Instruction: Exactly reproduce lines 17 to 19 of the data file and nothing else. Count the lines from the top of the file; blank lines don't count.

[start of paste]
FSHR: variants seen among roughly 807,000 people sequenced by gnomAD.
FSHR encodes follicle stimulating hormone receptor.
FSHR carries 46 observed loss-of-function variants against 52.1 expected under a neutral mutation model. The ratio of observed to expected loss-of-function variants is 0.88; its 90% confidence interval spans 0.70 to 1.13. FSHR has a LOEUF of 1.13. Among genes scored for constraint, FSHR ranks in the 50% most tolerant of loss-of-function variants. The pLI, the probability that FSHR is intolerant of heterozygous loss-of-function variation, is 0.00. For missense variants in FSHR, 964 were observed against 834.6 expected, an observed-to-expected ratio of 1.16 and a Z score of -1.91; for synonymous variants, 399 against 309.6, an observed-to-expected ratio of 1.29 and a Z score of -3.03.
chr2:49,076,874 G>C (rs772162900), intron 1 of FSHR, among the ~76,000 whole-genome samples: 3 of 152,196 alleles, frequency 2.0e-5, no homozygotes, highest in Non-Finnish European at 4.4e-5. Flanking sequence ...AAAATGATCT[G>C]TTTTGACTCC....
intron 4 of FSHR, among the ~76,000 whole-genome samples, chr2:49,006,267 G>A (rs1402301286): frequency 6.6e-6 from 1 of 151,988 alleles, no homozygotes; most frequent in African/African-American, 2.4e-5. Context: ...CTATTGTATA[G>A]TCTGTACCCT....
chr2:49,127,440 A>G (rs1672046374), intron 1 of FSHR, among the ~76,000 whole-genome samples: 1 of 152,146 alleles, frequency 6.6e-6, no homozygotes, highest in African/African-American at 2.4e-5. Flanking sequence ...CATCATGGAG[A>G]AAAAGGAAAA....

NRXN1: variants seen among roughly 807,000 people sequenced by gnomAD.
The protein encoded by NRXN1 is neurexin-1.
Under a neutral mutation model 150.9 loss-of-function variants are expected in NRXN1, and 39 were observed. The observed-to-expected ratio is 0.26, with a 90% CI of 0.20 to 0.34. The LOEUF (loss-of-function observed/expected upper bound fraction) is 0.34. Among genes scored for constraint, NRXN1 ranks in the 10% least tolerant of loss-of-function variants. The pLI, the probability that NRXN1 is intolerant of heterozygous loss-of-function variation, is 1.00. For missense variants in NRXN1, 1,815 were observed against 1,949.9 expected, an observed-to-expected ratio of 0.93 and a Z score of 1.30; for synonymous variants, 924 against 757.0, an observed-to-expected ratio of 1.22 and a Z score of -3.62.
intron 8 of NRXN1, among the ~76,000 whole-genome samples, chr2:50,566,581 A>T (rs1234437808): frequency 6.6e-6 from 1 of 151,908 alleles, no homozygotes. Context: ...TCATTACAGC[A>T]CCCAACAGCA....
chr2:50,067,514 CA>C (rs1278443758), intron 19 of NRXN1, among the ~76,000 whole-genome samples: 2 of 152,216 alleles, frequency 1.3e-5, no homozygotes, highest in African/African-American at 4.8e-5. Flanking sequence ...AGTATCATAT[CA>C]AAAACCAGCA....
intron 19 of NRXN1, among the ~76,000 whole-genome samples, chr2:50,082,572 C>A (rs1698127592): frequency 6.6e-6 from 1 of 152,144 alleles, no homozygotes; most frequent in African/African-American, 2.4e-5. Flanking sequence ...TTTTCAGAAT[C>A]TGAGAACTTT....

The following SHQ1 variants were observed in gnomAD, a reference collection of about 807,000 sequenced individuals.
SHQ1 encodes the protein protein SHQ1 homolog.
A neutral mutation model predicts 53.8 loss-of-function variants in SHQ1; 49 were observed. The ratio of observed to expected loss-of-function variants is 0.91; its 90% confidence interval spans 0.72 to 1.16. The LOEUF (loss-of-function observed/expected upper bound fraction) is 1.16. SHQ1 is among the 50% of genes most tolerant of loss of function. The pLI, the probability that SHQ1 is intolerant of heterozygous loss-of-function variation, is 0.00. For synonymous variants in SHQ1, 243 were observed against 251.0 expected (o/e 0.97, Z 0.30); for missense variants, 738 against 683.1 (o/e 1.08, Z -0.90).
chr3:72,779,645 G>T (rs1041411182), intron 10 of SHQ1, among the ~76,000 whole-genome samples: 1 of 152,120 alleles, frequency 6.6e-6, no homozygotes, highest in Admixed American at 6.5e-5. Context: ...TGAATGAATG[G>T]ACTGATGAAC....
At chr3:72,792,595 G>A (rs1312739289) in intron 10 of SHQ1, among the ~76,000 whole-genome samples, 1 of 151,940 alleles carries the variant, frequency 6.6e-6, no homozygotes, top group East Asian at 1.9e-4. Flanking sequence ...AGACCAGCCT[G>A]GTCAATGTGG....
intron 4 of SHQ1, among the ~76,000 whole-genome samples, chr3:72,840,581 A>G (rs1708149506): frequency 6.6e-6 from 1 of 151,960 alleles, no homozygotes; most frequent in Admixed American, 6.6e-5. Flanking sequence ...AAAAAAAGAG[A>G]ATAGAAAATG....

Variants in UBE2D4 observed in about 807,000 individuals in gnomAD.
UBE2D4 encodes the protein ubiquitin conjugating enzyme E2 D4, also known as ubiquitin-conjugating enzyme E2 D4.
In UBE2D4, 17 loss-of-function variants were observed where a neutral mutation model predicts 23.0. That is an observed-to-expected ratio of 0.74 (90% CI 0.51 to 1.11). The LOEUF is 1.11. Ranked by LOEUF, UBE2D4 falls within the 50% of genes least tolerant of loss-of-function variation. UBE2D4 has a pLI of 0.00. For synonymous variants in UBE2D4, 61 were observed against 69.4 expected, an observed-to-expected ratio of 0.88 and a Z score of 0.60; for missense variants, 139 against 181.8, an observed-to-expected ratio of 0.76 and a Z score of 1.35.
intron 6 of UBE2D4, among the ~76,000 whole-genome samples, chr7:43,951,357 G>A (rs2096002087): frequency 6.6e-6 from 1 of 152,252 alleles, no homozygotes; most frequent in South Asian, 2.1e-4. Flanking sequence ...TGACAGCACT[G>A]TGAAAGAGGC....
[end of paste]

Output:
At chr3:72,792,595 G>A (rs1312739289) in intron 10 of SHQ1, among the ~76,000 whole-genome samples, 1 of 151,940 alleles carries the variant, frequency 6.6e-6, no homozygotes, top group East Asian at 1.9e-4. Flanking sequence ...AGACCAGCCT[G>A]GTCAATGTGG....
intron 4 of SHQ1, among the ~76,000 whole-genome samples, chr3:72,840,581 A>G (rs1708149506): frequency 6.6e-6 from 1 of 151,960 alleles, no homozygotes; most frequent in Admixed American, 6.6e-5. Flanking sequence ...AAAAAAAGAG[A>G]ATAGAAAATG....

Variants in UBE2D4 observed in about 807,000 individuals in gnomAD.